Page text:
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UBC Theses and Dissertations

Social participation, quality of life and attendance at brain injury drop-in centres : an exploration study McLean, Alison May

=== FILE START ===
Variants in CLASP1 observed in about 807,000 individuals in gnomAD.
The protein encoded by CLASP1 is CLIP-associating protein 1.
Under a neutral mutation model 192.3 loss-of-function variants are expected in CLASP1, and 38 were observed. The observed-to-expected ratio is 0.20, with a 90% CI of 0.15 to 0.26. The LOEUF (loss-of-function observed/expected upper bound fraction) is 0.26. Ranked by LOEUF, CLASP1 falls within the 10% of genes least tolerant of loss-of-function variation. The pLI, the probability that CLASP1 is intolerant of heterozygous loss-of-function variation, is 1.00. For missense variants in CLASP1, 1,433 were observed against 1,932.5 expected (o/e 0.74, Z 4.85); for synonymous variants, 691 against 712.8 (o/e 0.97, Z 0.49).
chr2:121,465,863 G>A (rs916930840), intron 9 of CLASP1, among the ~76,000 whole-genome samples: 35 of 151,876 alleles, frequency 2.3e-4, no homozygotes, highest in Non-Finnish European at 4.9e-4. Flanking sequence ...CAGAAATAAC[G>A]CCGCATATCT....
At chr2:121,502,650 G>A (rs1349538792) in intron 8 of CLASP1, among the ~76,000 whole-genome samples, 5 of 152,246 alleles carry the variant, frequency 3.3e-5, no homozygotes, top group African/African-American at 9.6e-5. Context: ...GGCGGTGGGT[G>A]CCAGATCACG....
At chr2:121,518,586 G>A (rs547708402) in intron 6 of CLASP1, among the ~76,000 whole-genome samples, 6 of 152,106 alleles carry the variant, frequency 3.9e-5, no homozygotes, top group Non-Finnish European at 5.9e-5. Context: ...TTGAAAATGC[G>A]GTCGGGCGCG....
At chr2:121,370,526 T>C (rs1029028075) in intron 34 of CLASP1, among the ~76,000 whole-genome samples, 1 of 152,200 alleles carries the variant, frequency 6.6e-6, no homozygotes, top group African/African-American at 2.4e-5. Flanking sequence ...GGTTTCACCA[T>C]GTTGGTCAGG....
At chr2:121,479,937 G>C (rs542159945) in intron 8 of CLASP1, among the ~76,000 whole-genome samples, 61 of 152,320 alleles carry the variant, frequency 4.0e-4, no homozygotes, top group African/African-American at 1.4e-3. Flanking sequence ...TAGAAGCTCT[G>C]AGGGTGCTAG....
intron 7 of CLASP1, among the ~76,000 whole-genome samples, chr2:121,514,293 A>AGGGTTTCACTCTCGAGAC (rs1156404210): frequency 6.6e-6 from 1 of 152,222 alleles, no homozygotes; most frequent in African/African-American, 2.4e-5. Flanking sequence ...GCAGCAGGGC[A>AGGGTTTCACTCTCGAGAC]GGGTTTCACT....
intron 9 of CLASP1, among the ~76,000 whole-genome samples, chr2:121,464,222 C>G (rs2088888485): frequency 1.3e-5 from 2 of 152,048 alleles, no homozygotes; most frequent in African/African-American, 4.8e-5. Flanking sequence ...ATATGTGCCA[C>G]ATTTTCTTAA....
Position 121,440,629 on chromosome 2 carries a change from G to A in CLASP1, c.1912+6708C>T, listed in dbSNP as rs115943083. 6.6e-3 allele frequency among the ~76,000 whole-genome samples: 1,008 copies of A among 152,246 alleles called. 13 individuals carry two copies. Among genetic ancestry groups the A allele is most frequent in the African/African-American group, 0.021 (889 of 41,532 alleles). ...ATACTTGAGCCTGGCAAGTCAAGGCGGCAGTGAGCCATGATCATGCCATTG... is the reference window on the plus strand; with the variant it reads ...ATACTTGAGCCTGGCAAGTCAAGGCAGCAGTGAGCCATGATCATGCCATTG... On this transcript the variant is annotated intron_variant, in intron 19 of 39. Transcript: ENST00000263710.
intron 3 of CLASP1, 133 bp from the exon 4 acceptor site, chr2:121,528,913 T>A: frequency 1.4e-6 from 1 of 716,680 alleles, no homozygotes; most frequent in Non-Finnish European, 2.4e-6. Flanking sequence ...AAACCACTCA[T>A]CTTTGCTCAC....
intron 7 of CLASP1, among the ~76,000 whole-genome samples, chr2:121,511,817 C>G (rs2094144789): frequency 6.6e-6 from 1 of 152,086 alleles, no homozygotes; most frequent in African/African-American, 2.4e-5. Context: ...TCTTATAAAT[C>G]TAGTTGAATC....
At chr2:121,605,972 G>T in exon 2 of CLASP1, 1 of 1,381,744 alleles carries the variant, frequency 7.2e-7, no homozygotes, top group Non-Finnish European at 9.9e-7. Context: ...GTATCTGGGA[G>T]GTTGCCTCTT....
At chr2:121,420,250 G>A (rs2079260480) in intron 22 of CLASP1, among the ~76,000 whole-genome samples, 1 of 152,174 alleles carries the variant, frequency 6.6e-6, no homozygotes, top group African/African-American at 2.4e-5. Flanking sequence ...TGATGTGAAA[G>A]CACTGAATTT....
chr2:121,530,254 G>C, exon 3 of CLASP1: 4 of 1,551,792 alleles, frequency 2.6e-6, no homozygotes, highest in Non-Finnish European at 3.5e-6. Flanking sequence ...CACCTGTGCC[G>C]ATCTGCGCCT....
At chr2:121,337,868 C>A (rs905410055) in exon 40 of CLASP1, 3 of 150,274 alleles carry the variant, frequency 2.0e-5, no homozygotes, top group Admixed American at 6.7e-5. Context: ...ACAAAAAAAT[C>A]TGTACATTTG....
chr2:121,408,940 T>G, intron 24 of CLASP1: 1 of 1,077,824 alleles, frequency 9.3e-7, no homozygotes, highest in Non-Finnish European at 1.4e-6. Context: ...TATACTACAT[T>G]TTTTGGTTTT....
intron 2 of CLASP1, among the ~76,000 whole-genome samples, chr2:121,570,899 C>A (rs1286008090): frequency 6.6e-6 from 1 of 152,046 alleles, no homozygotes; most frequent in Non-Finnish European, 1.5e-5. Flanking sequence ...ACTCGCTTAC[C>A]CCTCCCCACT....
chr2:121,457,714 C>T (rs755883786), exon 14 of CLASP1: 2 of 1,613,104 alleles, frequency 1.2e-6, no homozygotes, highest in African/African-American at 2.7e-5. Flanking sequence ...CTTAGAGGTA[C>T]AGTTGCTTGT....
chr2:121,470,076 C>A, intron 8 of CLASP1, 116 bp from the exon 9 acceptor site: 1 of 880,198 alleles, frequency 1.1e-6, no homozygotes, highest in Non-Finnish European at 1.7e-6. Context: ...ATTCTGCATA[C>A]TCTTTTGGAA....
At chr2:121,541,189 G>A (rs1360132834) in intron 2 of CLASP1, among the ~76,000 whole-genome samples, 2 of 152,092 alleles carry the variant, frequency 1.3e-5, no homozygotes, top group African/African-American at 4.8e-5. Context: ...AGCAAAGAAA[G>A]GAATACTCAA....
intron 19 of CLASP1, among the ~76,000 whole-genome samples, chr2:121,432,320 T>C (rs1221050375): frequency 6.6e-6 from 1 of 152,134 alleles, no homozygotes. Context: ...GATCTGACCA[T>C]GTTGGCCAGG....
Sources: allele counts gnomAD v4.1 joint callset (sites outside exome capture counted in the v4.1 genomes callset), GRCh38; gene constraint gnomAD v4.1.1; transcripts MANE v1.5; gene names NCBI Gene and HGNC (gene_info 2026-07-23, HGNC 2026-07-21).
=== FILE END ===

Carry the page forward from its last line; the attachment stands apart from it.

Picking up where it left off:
Introduction: Many individuals with traumatic brain injury (TBI) experience long term or life-long changes in social participation and quality of life, including social isolation, loneliness, reduced involvement in social and leisure activities, decreased social support networks and reduced satisfaction with life. There are few community-based interventions available to address these issues, and little research on their effectiveness. The brain injury drop-in centre (BIDC) is an innovative model of long-term support not yet addressed in the literature. Purpose: (a) To determine if there is a relationship between social participation and subjective quality of life (SQOL) for community-dwelling individuals with TBI. (b) To compare social participation and SQOL for individuals with TBI who attend BIDCs with individuals who do not attend but who have been identified as potentially benefitting from attending. Methods: Subjects. Participants were 23 individuals recruited from BIDCs (‘BIDC group’) and 19 individuals recruited through community-based clinicians and service providers (‘Comparison group’). The Comparison group was found to consist of 7 participants who stated that maybe they would attend a BIDC but for the most part were too busy to attend (‘Maybe group’), and 12 participants who stated that yes they would attend but were not aware of BIDCs or experienced a contextual barrier to attendance (‘Yes group’). Design. A cross sectional design was implemented with convenience sampling. Results: The correlational analysis (Chapter Two) showed statistically significant associations involving SQOL and the social and subjective measures of social participation. The comparison study (Chapter Three) found the BIDC group to have, on average, higher levels of SQOL and social participation than the Comparison group, in particular as compared to the Yes group. Conclusions: This exploratory study contributes to the TBI literature in showing that it is the more subjective and not objectively measured nature of participation that is associated with SQOL. Findings provide tentative support that attendance at BIDCs may benefit social participation and SQOL. This study provides a foundation for more rigorous quantitative investigation of the effectiveness and efficacy of BIDCs, as well as direction for qualitative studies to further explore social participation, SQOL and the experience of attending BIDCs.

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